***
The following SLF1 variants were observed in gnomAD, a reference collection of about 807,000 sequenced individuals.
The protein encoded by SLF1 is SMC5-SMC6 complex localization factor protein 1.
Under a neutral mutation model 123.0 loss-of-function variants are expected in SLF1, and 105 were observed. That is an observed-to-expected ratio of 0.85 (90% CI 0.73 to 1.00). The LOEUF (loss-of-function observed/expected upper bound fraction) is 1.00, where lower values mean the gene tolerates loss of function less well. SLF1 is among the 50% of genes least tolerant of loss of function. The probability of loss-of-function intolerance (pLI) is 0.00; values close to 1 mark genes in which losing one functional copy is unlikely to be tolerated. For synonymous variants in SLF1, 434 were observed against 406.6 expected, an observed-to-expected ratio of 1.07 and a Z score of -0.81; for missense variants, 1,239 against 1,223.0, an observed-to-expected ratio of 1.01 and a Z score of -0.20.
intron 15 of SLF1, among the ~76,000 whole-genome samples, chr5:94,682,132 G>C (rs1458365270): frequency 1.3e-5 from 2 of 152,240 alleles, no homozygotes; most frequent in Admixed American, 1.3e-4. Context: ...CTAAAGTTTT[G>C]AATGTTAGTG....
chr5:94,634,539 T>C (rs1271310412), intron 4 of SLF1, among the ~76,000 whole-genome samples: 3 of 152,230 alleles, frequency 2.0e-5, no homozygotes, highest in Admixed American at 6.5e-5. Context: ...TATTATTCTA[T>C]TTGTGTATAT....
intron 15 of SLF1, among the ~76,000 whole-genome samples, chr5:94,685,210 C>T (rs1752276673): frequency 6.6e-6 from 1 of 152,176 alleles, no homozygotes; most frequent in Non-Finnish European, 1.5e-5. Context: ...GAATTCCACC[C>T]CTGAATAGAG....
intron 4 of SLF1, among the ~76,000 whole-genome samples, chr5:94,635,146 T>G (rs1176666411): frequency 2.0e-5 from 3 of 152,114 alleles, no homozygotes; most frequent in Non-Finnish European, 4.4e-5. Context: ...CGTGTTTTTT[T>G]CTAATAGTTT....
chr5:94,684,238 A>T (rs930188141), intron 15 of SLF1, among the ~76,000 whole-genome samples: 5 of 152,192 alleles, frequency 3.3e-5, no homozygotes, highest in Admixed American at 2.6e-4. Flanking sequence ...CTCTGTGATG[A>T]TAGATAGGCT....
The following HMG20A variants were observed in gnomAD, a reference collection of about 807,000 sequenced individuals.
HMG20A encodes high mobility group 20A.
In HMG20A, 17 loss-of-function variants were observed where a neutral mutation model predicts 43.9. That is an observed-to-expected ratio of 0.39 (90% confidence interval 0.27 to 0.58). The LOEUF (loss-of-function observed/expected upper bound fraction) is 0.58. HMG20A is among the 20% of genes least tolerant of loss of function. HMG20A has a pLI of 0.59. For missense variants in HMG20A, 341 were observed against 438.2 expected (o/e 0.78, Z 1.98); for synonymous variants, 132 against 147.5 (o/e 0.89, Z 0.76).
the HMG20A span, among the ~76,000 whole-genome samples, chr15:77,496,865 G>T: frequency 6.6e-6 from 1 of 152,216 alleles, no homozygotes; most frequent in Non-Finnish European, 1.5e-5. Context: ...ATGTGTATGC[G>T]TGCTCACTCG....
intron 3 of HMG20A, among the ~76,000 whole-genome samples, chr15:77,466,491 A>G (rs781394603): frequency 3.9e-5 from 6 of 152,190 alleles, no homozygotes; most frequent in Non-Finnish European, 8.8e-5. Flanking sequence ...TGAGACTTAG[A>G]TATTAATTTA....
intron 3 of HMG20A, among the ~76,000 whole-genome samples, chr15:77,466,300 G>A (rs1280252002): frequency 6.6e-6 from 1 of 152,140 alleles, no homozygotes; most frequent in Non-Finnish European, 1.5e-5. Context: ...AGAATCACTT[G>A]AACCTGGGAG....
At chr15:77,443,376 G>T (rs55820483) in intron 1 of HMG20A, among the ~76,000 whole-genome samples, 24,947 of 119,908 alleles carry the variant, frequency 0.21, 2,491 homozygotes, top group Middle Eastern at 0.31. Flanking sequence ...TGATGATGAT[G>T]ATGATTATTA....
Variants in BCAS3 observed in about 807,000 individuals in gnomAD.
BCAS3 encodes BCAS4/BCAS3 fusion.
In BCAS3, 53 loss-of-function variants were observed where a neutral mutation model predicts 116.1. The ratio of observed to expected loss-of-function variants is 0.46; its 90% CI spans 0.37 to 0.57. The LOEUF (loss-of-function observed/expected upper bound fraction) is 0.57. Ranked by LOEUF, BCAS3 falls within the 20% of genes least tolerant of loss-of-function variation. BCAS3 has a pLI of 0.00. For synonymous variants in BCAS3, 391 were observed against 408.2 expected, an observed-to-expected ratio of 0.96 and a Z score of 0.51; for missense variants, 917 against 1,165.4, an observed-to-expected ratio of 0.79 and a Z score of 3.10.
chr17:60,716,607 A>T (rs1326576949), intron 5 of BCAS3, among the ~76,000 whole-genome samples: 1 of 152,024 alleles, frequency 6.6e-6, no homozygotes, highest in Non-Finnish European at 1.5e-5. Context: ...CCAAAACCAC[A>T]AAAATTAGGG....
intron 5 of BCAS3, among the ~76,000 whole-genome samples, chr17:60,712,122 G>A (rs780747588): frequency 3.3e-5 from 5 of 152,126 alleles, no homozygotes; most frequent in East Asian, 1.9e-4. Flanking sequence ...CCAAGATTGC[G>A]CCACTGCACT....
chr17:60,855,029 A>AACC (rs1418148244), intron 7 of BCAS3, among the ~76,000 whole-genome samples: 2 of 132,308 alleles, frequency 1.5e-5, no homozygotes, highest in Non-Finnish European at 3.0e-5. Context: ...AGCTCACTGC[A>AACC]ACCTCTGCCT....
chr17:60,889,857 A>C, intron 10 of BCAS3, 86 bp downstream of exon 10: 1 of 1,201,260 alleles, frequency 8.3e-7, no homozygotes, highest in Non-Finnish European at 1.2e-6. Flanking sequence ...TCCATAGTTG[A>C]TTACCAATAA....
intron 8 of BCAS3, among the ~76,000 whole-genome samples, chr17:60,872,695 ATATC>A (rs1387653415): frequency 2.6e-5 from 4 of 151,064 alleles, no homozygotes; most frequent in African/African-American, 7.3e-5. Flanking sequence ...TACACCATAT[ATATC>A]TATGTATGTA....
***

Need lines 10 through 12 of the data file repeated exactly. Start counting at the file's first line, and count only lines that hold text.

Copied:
HMG20A encodes high mobility group 20A.
In HMG20A, 17 loss-of-function variants were observed where a neutral mutation model predicts 43.9. That is an observed-to-expected ratio of 0.39 (90% confidence interval 0.27 to 0.58). The LOEUF (loss-of-function observed/expected upper bound fraction) is 0.58. HMG20A is among the 20% of genes least tolerant of loss of function. HMG20A has a pLI of 0.59. For missense variants in HMG20A, 341 were observed against 438.2 expected (o/e 0.78, Z 1.98); for synonymous variants, 132 against 147.5 (o/e 0.89, Z 0.76).
the HMG20A span, among the ~76,000 whole-genome samples, chr15:77,496,865 G>T: frequency 6.6e-6 from 1 of 152,216 alleles, no homozygotes; most frequent in Non-Finnish European, 1.5e-5. Context: ...ATGTGTATGC[G>T]TGCTCACTCG....